• Delays can cause discord among heirs or beneficiaries, especially if they are in need of their inheritance or if they believe the estate is not being properly managed.
  • If probate is not opened and there are assets needing to be administered, interested parties (like creditors or heirs) could potentially open probate themselves.

Remember that not all estates need to go through probate in California. For example, estates that are small enough or estates where the decedent had a properly structured living trust may not need to go through the probate process.

Where Should You File the Petition?

It's simple: file petitions for probate in the county court where the deceased lived when they passed away. Search for the right county court by entering the ZIP code of the deceased’s final address. Certain jurisdictions like Los Angeles County allow you to e-file your probate petition, however others, like San Francisco County will require you to file the petition in person.

How to File a Petition for Probate in California

Finally, let's go over the step-by-step process of filing a petition for probate in California.

1. Obtain the Necessary Documents

First, you need to obtain Form DE-111. You can print off California courtroom’s official form, or you can obtain the official form from your local courthouse.

2. Fill Out Form DE-111

Next, you need to completely fill out the form. In the first box, you’ll list out your personal information since you’re the petitioner who is seeking out to become the appointed representative. In the “Attorney For” box, you can list “self-represented” if you don’t plan on hiring an attorney.

Next, list out the address of the superior court where you’ll take the form. This will be the courtroom that’s located in the same county the deceased personally resided in.

Next, you need to list out the deceased’s information and check off whether they had a will or no will.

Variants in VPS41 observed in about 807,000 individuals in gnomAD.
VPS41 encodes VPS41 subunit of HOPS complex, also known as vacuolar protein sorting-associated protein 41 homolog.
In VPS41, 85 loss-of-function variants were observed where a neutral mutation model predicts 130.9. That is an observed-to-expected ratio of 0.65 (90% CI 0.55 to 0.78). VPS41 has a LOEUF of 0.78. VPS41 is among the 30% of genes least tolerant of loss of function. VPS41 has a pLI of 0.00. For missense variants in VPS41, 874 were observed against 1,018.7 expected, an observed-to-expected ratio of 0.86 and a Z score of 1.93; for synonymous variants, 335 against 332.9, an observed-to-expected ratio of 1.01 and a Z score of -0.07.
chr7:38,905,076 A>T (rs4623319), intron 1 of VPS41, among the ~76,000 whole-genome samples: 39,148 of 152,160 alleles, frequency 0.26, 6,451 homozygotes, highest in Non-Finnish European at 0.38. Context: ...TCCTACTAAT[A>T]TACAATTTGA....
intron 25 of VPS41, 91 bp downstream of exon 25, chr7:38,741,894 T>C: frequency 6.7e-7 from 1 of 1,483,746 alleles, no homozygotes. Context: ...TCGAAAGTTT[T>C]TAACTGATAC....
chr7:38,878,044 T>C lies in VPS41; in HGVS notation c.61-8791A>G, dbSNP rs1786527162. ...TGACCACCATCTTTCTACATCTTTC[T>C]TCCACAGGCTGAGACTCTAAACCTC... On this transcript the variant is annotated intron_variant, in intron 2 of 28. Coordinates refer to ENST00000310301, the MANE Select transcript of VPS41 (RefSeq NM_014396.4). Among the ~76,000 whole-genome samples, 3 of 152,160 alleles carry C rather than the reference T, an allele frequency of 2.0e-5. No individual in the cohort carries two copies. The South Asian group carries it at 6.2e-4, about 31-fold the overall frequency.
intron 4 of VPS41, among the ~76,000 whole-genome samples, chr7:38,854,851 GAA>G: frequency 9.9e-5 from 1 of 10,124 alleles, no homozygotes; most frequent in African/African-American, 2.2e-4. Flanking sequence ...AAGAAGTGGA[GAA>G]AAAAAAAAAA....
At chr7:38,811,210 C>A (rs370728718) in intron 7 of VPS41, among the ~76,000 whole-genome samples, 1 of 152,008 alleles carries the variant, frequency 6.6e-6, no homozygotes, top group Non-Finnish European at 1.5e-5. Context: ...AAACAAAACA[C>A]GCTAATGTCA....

Finally, you’ll need to answer a series of questions regarding the death publication, potential petitioners, surviving relatives, and more. Once complete, you’ll sign and date the form.

3. File Your Probate Petition and Lodge The Will With Your Local Court

After filling out the form, you need to bring it to the court where the deceased permanently resided prior to their passing. Officially file and lodge the original will along with form DE-111.

4. Notify the Relevant Parties With Form DE-121

Next, fill out Form DE-121. This form will help you officially provide notice to all interested parties so that they will be kept in the loop regarding the probation hearing. Notice must be given by providing an official copy of the notice to interested parties via first class mail or in-person at least 5 days prior to the hearing.

Do You Have More Probate Questions?

Once you’ve gone through these four steps, you will have officially petitioned the court to begin the probate process. You also will have officially notified all of the parties you need to.

From there, you can rest easy and wait for the court to notify you regarding what comes next. If you are the executor, then you’ll have more work to do once you’ve finished the petition.

You’ll want to start handling the bills and debts associated with the estate, filing a final income tax return for the deceased, and paying any outstanding taxes. Once these claims are handled, you’ll distribute the remaining assets and close the estate.

Of course, you don’t have to handle all these complicated tasks on your own. Here at ClearEstate, we can help with professional executor services or answer other questions about the probate process that you might have.

Book a free consultation with our team now to learn more about how we can help you through this trying time.